How many influencing techniques can YOU find in this short, yet extremely effective, email?
Using only one of any of the influencing techniques mentioned below won’t work. BUT … when used as they have in this email these techniques are extraordinarily powerful and WILL get a response.
We use a combination of them in almost all of our email reminders. See how many YOU can find.
Dear Mr and Mrs Jones,
When we spoke on the phone earlier this month, you advised that you would
look at payment of the invoice mentioned below when you returned to the office last week.
Payment of this invoice is now seriously overdue, so please
advise when will you be settling it so that I may advise the Partners.
Thanking you, in advance.
So, how many DID you find?
There are eight.
Here they are …
1 People prefer NOT to talk about overdue accounts on the phone.
This email mentions that we had spoken to her on the phone, inferring that we will again.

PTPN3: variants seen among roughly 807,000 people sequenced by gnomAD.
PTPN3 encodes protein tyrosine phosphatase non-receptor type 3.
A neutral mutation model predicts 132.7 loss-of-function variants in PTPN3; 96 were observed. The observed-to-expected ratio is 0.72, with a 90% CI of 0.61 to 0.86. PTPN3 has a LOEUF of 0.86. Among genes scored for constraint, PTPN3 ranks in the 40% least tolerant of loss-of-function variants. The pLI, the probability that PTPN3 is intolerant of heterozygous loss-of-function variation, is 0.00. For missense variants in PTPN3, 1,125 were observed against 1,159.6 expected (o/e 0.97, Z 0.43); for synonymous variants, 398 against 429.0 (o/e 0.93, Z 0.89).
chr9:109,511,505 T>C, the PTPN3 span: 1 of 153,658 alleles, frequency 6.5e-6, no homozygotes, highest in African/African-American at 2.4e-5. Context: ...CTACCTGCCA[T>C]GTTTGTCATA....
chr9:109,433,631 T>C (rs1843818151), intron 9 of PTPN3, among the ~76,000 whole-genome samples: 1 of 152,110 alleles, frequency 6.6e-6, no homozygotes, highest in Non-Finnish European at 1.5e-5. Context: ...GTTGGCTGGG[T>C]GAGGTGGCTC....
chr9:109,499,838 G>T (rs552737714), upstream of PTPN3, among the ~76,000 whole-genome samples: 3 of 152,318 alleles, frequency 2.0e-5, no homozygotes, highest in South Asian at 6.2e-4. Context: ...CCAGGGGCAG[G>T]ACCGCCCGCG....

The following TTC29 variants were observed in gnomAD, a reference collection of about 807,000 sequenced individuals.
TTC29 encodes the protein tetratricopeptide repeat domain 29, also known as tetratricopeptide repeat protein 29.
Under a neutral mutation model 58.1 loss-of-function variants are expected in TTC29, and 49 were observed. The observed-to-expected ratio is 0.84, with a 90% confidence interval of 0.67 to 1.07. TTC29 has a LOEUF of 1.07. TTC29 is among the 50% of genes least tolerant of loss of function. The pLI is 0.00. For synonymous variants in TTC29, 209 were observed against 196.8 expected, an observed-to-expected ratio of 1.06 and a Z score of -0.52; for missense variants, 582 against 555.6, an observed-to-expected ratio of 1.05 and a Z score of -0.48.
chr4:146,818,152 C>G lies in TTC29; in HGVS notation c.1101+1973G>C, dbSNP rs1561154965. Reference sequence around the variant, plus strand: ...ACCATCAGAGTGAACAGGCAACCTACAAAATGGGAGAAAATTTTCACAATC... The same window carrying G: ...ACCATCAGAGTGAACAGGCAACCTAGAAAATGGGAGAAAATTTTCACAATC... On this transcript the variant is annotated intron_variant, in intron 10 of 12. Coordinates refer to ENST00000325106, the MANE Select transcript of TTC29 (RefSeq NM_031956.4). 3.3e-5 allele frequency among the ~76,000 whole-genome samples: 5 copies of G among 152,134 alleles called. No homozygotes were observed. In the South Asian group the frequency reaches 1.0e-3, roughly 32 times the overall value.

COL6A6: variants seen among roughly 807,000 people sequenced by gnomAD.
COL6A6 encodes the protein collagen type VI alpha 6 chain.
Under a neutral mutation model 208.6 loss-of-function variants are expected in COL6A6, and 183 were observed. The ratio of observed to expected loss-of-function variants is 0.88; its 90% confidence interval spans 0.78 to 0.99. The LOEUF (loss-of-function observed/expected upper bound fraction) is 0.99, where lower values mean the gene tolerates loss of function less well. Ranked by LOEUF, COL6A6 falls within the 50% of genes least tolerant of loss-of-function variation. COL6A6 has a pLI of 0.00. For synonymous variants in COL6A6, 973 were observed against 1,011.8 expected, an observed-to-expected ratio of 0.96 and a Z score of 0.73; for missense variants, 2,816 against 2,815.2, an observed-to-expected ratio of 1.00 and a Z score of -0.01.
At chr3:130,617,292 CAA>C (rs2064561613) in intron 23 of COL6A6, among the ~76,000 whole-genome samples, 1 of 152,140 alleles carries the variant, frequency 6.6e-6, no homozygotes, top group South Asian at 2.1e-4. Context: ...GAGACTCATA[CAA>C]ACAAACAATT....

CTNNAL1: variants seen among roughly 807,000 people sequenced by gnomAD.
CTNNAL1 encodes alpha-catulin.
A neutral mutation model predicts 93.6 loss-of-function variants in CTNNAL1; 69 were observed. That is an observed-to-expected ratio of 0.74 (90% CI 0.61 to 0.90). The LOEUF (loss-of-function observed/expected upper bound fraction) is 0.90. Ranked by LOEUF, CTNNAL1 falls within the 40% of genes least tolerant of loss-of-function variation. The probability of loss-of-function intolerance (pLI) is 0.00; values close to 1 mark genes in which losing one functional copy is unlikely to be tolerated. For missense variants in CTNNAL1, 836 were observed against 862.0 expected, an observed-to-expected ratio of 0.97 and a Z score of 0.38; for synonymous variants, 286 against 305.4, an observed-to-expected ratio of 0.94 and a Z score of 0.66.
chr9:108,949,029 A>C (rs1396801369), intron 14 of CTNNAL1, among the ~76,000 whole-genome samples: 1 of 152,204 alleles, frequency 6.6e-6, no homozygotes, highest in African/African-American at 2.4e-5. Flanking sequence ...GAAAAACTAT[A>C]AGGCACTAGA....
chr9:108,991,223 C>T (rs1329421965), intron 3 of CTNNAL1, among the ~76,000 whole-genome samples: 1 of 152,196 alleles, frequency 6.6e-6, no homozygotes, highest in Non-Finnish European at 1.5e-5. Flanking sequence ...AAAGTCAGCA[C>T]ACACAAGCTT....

2 It repeats a commitment made.
If people commit, orally or in writing, to an idea or goal, they are more likely to honor that commitment because of establishing that idea or goal as being congruent with their self-image.
3 It only has three paragraphs, it’s short and to the point
You didn’t want to write it. They don’t want to read it. So, don’t mess around. Apply the K.I.S.S. principle – Keep It Simple Stupid.
4 It’s written in plain English.
It’s simple and straightforward.
5 Two ‘instructions‘ and one ‘statement of fact‘ are written on the left hand side of the email.
* The instructions being
— “Look at payment” and
— “advise when will you be settling it”.
(Note: The correct English would be “advise when you will be settling it” but it has been deliberately written incorrectly so that it becomes a question in its own right and makes the reader read it twice, emphasising the question asked.)
* The ‘statement of fact‘ being
—“Payment of this invoice is now seriously overdue”
6 The word YOU is used 5 times in this very short email
Keeps their attention. Makes it personal. They’ll read the email in full.
7 It informs the reader that the collection of this debt is being escalated.
The phrase “so I may advise the Partners” brings in the “Fear of the Unknown” factor.
8 Although ending on a friendly note, it uses the “assumptive close”.
The phrase “Thanking you, in advance” is assuming that they’ll either pay or at least reply. And they do.